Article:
The key question in Egypt, and I think despite more coverage of both the Syrian conflict and Iran's nuclear issue, the key question right now in the Middle East is what will Egypt's new constitution look like. How much power will the Egyptian people have, what powers to set policy, if any, will the military retain to protect Israel from Egypt's voters?
We don't know how powerful Egypt's parliament will be after the transfer of power, but we know Egypt's voters have decided that Islamists will have a dominant voice in that body. Mohamed ElBaradei, much to his credit, has expressed absolutely no anxiety over this reality.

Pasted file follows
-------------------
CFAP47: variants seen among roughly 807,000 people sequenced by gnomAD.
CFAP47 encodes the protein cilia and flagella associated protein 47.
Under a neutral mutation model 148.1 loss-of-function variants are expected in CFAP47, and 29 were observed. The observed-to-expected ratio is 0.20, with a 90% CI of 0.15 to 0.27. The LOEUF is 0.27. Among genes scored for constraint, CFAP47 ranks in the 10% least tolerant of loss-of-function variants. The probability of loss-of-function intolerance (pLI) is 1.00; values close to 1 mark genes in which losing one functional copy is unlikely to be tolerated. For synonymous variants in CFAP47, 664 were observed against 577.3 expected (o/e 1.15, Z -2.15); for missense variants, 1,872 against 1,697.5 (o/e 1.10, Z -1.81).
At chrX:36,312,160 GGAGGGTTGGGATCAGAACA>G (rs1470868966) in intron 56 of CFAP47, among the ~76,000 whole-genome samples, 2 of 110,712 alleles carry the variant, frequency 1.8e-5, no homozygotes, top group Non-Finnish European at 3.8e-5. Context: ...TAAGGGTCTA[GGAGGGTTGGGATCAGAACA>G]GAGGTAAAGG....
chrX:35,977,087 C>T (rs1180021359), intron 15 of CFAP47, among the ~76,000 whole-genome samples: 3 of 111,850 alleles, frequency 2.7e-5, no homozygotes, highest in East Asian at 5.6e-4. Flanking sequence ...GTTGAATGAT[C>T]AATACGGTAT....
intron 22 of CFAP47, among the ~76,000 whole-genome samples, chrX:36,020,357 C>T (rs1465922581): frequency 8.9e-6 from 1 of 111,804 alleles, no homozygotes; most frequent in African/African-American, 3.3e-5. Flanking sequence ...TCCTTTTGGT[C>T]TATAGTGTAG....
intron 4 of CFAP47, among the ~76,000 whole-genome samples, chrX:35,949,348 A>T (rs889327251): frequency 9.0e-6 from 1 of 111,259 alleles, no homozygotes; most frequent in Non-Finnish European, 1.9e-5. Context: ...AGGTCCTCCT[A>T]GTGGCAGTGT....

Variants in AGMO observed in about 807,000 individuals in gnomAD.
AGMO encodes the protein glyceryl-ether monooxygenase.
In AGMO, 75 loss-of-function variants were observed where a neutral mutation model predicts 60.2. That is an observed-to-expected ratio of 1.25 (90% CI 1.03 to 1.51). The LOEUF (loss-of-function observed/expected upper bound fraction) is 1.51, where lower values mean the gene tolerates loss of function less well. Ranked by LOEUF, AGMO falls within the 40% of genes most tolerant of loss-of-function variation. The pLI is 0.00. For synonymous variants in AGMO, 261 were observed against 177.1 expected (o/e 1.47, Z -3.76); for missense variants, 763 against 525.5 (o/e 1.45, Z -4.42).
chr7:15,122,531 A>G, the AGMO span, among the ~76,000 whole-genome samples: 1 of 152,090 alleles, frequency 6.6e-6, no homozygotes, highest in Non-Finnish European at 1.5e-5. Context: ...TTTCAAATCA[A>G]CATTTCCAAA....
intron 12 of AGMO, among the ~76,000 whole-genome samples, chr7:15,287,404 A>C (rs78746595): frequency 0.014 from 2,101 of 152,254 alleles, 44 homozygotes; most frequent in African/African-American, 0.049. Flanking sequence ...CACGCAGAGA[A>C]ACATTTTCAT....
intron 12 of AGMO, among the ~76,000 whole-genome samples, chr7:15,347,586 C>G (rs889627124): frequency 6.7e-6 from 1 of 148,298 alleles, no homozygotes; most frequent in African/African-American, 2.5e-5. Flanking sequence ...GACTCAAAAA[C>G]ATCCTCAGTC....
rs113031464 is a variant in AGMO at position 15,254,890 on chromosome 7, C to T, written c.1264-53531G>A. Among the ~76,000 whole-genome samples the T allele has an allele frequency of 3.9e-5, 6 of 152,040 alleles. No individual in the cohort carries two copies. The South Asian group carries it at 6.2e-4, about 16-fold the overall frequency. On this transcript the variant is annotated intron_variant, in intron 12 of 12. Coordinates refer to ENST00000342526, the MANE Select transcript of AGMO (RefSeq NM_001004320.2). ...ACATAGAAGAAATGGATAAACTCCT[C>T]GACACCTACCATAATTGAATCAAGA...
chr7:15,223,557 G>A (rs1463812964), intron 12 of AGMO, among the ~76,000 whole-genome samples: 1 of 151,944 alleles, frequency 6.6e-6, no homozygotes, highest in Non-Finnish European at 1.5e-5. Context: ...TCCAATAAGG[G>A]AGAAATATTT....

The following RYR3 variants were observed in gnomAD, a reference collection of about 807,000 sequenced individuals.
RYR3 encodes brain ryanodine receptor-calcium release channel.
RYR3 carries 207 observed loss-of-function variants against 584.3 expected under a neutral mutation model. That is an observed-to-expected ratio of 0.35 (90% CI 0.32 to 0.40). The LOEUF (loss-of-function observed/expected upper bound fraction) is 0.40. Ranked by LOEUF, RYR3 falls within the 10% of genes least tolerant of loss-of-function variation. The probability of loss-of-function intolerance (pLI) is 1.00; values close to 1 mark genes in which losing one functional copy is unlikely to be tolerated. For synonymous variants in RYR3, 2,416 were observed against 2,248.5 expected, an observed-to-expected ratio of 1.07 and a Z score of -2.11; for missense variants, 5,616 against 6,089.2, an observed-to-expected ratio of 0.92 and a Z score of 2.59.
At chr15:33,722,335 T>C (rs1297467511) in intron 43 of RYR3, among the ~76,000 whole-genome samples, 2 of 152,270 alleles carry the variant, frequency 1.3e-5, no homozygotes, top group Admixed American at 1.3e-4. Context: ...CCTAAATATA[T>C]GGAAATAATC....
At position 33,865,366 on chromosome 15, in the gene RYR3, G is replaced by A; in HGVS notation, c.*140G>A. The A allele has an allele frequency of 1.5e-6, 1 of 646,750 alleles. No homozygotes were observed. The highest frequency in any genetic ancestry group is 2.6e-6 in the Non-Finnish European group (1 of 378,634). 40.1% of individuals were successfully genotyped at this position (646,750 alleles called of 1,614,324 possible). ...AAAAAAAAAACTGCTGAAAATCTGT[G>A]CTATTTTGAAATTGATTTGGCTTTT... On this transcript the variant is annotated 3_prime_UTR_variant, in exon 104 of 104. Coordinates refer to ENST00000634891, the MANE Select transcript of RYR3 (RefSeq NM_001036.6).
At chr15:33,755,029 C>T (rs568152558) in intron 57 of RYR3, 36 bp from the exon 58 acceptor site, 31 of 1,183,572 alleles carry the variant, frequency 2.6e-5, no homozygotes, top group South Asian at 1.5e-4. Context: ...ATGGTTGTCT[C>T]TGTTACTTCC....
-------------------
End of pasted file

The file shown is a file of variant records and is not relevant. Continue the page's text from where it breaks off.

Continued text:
Some are skeptical about the influence of the Islamists. After decades of banishment from the political scene, they have no experience in governing. Before the revolution, we fought together; in the new Egypt, we have differing perspectives. On the eve of January 28 last year, two of their leaders were arrested leaving my home. One is now the speaker of the parliament. I called him to wish him success. I predict the Islamists will embrace other political factions, support free markets and be pragmatic.I'm still optimistic that efforts to prevent the people of Egypt from controlling the policy set by their government will fail. It looks like in that I am in agreement with ElBaradei.